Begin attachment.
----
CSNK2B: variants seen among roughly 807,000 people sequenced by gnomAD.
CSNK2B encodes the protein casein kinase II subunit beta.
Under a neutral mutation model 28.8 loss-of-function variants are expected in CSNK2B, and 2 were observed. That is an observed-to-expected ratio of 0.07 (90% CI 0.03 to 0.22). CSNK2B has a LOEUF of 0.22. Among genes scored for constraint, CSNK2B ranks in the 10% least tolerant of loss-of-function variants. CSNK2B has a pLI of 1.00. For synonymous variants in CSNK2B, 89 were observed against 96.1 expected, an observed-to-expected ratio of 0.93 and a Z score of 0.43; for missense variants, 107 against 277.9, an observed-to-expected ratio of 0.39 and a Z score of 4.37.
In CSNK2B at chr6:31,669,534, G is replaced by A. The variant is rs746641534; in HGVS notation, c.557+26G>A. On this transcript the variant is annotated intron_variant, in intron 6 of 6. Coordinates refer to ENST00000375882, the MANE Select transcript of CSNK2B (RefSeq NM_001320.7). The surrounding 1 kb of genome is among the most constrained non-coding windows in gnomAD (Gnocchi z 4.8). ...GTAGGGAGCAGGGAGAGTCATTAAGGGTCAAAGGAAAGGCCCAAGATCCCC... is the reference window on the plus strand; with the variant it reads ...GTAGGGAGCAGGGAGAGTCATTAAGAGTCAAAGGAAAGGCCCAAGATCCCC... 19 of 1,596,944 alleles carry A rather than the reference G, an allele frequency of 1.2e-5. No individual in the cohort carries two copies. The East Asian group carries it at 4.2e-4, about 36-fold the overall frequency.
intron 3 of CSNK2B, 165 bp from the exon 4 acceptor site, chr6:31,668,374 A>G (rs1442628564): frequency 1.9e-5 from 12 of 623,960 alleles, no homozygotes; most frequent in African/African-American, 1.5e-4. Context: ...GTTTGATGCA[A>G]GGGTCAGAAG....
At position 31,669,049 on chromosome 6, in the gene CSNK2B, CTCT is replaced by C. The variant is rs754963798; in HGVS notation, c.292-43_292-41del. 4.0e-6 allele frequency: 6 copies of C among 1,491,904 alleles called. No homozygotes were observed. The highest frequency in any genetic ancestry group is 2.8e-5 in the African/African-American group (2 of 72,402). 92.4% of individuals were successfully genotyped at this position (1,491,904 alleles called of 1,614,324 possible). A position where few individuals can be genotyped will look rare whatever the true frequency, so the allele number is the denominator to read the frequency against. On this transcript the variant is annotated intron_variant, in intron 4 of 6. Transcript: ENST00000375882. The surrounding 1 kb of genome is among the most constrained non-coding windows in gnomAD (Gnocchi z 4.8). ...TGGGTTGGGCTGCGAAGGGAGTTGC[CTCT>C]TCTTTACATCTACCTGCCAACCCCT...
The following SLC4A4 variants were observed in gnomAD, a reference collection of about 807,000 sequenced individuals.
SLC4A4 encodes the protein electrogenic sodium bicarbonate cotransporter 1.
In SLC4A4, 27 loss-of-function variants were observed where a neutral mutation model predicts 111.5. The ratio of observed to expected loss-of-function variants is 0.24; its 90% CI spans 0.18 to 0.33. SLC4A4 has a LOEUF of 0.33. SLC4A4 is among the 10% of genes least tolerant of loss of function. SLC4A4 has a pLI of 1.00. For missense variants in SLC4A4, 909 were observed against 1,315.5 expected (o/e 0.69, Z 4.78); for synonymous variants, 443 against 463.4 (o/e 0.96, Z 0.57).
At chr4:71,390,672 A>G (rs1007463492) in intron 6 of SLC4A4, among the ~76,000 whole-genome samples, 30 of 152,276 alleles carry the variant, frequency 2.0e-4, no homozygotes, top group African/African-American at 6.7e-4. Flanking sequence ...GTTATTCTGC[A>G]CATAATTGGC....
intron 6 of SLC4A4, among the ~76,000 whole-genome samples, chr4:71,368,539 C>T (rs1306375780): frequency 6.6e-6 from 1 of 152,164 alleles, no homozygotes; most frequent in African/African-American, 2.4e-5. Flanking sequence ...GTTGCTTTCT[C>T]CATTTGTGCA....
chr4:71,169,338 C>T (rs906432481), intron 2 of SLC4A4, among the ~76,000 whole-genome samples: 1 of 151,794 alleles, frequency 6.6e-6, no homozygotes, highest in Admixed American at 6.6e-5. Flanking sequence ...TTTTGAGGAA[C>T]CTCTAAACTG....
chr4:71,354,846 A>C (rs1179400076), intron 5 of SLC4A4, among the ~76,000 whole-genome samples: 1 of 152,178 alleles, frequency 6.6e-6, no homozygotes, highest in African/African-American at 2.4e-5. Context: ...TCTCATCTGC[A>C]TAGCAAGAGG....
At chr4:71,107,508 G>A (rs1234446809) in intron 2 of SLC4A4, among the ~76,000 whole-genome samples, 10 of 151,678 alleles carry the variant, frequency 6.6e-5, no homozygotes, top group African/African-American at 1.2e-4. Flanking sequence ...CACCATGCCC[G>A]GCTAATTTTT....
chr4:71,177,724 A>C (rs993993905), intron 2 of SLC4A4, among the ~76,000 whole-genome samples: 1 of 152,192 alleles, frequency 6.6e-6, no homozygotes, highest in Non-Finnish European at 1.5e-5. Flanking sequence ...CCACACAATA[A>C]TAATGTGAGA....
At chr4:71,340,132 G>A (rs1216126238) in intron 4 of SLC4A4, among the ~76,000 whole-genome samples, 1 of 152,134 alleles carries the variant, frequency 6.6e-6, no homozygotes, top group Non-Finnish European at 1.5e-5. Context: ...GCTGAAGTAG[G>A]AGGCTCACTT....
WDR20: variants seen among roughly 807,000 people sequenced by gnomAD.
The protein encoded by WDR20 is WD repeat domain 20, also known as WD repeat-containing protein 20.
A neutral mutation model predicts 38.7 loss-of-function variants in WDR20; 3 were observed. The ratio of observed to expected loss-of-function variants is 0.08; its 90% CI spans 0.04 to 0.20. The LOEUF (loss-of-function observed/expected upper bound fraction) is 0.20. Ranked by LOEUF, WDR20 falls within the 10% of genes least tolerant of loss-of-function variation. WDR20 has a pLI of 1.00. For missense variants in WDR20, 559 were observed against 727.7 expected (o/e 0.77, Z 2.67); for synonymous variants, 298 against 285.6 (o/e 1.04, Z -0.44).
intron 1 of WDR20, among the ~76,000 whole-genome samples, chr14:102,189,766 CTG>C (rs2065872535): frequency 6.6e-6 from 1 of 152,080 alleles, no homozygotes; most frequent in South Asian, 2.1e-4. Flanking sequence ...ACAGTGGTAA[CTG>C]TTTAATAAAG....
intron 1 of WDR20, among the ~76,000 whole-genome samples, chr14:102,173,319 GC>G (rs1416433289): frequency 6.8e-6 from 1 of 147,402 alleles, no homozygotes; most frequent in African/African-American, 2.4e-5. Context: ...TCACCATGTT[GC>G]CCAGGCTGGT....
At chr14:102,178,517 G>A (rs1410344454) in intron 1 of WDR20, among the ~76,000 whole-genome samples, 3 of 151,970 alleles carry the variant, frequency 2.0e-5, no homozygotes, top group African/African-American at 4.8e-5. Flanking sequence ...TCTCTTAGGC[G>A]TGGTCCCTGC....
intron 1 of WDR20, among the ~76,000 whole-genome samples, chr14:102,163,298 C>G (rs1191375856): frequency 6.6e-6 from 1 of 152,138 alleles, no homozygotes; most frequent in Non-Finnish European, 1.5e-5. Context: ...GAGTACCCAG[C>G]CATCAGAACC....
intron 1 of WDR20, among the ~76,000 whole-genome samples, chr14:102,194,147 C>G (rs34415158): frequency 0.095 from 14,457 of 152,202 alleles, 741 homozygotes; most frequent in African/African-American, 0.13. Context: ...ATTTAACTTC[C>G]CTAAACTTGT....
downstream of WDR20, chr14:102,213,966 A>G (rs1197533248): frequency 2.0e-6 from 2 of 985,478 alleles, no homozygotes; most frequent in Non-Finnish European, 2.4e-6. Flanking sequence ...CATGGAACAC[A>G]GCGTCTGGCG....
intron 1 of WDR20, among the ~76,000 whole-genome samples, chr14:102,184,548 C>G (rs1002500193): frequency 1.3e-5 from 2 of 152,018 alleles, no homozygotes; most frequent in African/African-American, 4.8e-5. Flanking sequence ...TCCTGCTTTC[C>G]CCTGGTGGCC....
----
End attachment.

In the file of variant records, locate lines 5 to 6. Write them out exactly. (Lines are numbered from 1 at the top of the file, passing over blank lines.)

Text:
intron 3 of CSNK2B, 165 bp from the exon 4 acceptor site, chr6:31,668,374 A>G (rs1442628564): frequency 1.9e-5 from 12 of 623,960 alleles, no homozygotes; most frequent in African/African-American, 1.5e-4. Context: ...GTTTGATGCA[A>G]GGGTCAGAAG....
At position 31,669,049 on chromosome 6, in the gene CSNK2B, CTCT is replaced by C. The variant is rs754963798; in HGVS notation, c.292-43_292-41del. 4.0e-6 allele frequency: 6 copies of C among 1,491,904 alleles called. No homozygotes were observed. The highest frequency in any genetic ancestry group is 2.8e-5 in the African/African-American group (2 of 72,402). 92.4% of individuals were successfully genotyped at this position (1,491,904 alleles called of 1,614,324 possible). A position where few individuals can be genotyped will look rare whatever the true frequency, so the allele number is the denominator to read the frequency against. On this transcript the variant is annotated intron_variant, in intron 4 of 6. Transcript: ENST00000375882. The surrounding 1 kb of genome is among the most constrained non-coding windows in gnomAD (Gnocchi z 4.8). ...TGGGTTGGGCTGCGAAGGGAGTTGC[CTCT>C]TCTTTACATCTACCTGCCAACCCCT...